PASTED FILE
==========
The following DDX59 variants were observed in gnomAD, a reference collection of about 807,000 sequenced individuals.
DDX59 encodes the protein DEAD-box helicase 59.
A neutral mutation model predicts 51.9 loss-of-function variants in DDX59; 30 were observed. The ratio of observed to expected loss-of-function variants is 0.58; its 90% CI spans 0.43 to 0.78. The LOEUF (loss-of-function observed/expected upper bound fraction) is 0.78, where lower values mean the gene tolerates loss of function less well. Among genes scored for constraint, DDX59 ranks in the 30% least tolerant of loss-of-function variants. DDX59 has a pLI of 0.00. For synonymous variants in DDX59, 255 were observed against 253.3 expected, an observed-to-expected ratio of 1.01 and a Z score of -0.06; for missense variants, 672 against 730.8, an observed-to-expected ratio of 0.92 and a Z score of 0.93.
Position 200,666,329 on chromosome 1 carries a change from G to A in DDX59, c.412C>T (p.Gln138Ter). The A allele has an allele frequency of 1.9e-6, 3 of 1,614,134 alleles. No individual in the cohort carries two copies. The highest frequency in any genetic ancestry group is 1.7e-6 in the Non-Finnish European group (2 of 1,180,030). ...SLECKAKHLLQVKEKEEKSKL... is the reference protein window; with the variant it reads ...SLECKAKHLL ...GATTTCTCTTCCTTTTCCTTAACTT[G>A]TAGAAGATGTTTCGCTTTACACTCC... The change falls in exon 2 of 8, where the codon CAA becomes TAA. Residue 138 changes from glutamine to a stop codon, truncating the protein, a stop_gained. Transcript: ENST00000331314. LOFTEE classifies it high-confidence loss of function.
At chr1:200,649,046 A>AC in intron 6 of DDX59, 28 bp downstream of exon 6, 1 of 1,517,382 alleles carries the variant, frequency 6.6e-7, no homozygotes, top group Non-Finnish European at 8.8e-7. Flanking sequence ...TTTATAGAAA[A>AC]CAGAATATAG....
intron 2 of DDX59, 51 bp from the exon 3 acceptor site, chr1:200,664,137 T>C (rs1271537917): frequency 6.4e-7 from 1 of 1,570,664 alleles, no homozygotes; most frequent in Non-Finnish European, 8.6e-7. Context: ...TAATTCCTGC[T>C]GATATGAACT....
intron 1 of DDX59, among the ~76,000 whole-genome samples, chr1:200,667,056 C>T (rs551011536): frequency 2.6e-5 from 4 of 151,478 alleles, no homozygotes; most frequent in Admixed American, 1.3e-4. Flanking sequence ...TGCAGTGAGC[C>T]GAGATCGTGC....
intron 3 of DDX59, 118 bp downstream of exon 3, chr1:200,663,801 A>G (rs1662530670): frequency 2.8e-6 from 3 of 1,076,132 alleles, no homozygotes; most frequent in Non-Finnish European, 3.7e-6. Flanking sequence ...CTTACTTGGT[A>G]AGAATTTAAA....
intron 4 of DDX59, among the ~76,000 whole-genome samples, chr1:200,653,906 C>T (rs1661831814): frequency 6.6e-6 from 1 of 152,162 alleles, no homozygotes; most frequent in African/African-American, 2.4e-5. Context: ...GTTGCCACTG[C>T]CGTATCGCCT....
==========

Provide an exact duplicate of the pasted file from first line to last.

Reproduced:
The following DDX59 variants were observed in gnomAD, a reference collection of about 807,000 sequenced individuals.
DDX59 encodes the protein DEAD-box helicase 59.
A neutral mutation model predicts 51.9 loss-of-function variants in DDX59; 30 were observed. The ratio of observed to expected loss-of-function variants is 0.58; its 90% CI spans 0.43 to 0.78. The LOEUF (loss-of-function observed/expected upper bound fraction) is 0.78, where lower values mean the gene tolerates loss of function less well. Among genes scored for constraint, DDX59 ranks in the 30% least tolerant of loss-of-function variants. DDX59 has a pLI of 0.00. For synonymous variants in DDX59, 255 were observed against 253.3 expected, an observed-to-expected ratio of 1.01 and a Z score of -0.06; for missense variants, 672 against 730.8, an observed-to-expected ratio of 0.92 and a Z score of 0.93.
Position 200,666,329 on chromosome 1 carries a change from G to A in DDX59, c.412C>T (p.Gln138Ter). The A allele has an allele frequency of 1.9e-6, 3 of 1,614,134 alleles. No individual in the cohort carries two copies. The highest frequency in any genetic ancestry group is 1.7e-6 in the Non-Finnish European group (2 of 1,180,030). ...SLECKAKHLLQVKEKEEKSKL... is the reference protein window; with the variant it reads ...SLECKAKHLL ...GATTTCTCTTCCTTTTCCTTAACTT[G>A]TAGAAGATGTTTCGCTTTACACTCC... The change falls in exon 2 of 8, where the codon CAA becomes TAA. Residue 138 changes from glutamine to a stop codon, truncating the protein, a stop_gained. Transcript: ENST00000331314. LOFTEE classifies it high-confidence loss of function.
At chr1:200,649,046 A>AC in intron 6 of DDX59, 28 bp downstream of exon 6, 1 of 1,517,382 alleles carries the variant, frequency 6.6e-7, no homozygotes, top group Non-Finnish European at 8.8e-7. Flanking sequence ...TTTATAGAAA[A>AC]CAGAATATAG....
intron 2 of DDX59, 51 bp from the exon 3 acceptor site, chr1:200,664,137 T>C (rs1271537917): frequency 6.4e-7 from 1 of 1,570,664 alleles, no homozygotes; most frequent in Non-Finnish European, 8.6e-7. Context: ...TAATTCCTGC[T>C]GATATGAACT....
intron 1 of DDX59, among the ~76,000 whole-genome samples, chr1:200,667,056 C>T (rs551011536): frequency 2.6e-5 from 4 of 151,478 alleles, no homozygotes; most frequent in Admixed American, 1.3e-4. Flanking sequence ...TGCAGTGAGC[C>T]GAGATCGTGC....
intron 3 of DDX59, 118 bp downstream of exon 3, chr1:200,663,801 A>G (rs1662530670): frequency 2.8e-6 from 3 of 1,076,132 alleles, no homozygotes; most frequent in Non-Finnish European, 3.7e-6. Flanking sequence ...CTTACTTGGT[A>G]AGAATTTAAA....
intron 4 of DDX59, among the ~76,000 whole-genome samples, chr1:200,653,906 C>T (rs1661831814): frequency 6.6e-6 from 1 of 152,162 alleles, no homozygotes; most frequent in African/African-American, 2.4e-5. Context: ...GTTGCCACTG[C>T]CGTATCGCCT....